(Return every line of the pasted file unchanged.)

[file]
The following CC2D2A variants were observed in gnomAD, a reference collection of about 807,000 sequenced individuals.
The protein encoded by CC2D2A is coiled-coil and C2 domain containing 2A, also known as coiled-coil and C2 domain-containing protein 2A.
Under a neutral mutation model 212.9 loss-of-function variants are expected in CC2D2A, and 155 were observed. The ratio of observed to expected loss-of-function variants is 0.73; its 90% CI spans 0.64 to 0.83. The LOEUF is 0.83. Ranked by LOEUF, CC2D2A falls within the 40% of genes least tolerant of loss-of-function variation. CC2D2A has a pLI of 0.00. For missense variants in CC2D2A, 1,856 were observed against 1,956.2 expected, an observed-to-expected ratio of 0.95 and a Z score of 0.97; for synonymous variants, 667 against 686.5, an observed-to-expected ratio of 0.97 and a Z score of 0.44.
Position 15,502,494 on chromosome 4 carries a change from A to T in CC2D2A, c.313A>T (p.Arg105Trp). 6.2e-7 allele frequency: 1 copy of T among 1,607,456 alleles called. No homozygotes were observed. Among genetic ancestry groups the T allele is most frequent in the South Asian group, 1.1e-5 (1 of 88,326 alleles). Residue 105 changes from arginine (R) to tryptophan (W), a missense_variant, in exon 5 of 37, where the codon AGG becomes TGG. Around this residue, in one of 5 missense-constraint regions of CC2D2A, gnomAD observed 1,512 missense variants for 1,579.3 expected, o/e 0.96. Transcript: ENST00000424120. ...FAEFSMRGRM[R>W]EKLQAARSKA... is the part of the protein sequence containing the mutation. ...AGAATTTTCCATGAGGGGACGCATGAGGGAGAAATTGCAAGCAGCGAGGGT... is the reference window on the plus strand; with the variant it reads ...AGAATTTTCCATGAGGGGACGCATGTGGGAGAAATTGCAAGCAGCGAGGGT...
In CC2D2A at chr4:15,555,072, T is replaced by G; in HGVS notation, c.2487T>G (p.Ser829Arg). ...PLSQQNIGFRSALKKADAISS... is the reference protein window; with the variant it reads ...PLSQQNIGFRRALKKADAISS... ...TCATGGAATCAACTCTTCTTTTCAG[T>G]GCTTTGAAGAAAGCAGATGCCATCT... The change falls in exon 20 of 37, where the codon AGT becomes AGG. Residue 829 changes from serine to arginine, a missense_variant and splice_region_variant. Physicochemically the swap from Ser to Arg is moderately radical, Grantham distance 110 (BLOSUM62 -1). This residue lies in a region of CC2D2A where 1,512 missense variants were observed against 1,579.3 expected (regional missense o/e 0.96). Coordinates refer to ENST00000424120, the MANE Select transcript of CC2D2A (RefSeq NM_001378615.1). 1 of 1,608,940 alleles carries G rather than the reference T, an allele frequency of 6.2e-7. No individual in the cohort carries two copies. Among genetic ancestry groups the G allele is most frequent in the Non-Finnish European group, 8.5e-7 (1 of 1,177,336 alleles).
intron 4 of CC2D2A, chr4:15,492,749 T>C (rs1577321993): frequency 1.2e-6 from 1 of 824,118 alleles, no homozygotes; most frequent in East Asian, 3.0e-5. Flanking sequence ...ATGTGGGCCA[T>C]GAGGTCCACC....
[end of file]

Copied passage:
The following CC2D2A variants were observed in gnomAD, a reference collection of about 807,000 sequenced individuals.
The protein encoded by CC2D2A is coiled-coil and C2 domain containing 2A, also known as coiled-coil and C2 domain-containing protein 2A.
Under a neutral mutation model 212.9 loss-of-function variants are expected in CC2D2A, and 155 were observed. The ratio of observed to expected loss-of-function variants is 0.73; its 90% CI spans 0.64 to 0.83. The LOEUF is 0.83. Ranked by LOEUF, CC2D2A falls within the 40% of genes least tolerant of loss-of-function variation. CC2D2A has a pLI of 0.00. For missense variants in CC2D2A, 1,856 were observed against 1,956.2 expected, an observed-to-expected ratio of 0.95 and a Z score of 0.97; for synonymous variants, 667 against 686.5, an observed-to-expected ratio of 0.97 and a Z score of 0.44.
Position 15,502,494 on chromosome 4 carries a change from A to T in CC2D2A, c.313A>T (p.Arg105Trp). 6.2e-7 allele frequency: 1 copy of T among 1,607,456 alleles called. No homozygotes were observed. Among genetic ancestry groups the T allele is most frequent in the South Asian group, 1.1e-5 (1 of 88,326 alleles). Residue 105 changes from arginine (R) to tryptophan (W), a missense_variant, in exon 5 of 37, where the codon AGG becomes TGG. Around this residue, in one of 5 missense-constraint regions of CC2D2A, gnomAD observed 1,512 missense variants for 1,579.3 expected, o/e 0.96. Transcript: ENST00000424120. ...FAEFSMRGRM[R>W]EKLQAARSKA... is the part of the protein sequence containing the mutation. ...AGAATTTTCCATGAGGGGACGCATGAGGGAGAAATTGCAAGCAGCGAGGGT... is the reference window on the plus strand; with the variant it reads ...AGAATTTTCCATGAGGGGACGCATGTGGGAGAAATTGCAAGCAGCGAGGGT...
In CC2D2A at chr4:15,555,072, T is replaced by G; in HGVS notation, c.2487T>G (p.Ser829Arg). ...PLSQQNIGFRSALKKADAISS... is the reference protein window; with the variant it reads ...PLSQQNIGFRRALKKADAISS... ...TCATGGAATCAACTCTTCTTTTCAG[T>G]GCTTTGAAGAAAGCAGATGCCATCT... The change falls in exon 20 of 37, where the codon AGT becomes AGG. Residue 829 changes from serine to arginine, a missense_variant and splice_region_variant. Physicochemically the swap from Ser to Arg is moderately radical, Grantham distance 110 (BLOSUM62 -1). This residue lies in a region of CC2D2A where 1,512 missense variants were observed against 1,579.3 expected (regional missense o/e 0.96). Coordinates refer to ENST00000424120, the MANE Select transcript of CC2D2A (RefSeq NM_001378615.1). 1 of 1,608,940 alleles carries G rather than the reference T, an allele frequency of 6.2e-7. No individual in the cohort carries two copies. Among genetic ancestry groups the G allele is most frequent in the Non-Finnish European group, 8.5e-7 (1 of 1,177,336 alleles).
intron 4 of CC2D2A, chr4:15,492,749 T>C (rs1577321993): frequency 1.2e-6 from 1 of 824,118 alleles, no homozygotes; most frequent in East Asian, 3.0e-5. Flanking sequence ...ATGTGGGCCA[T>C]GAGGTCCACC....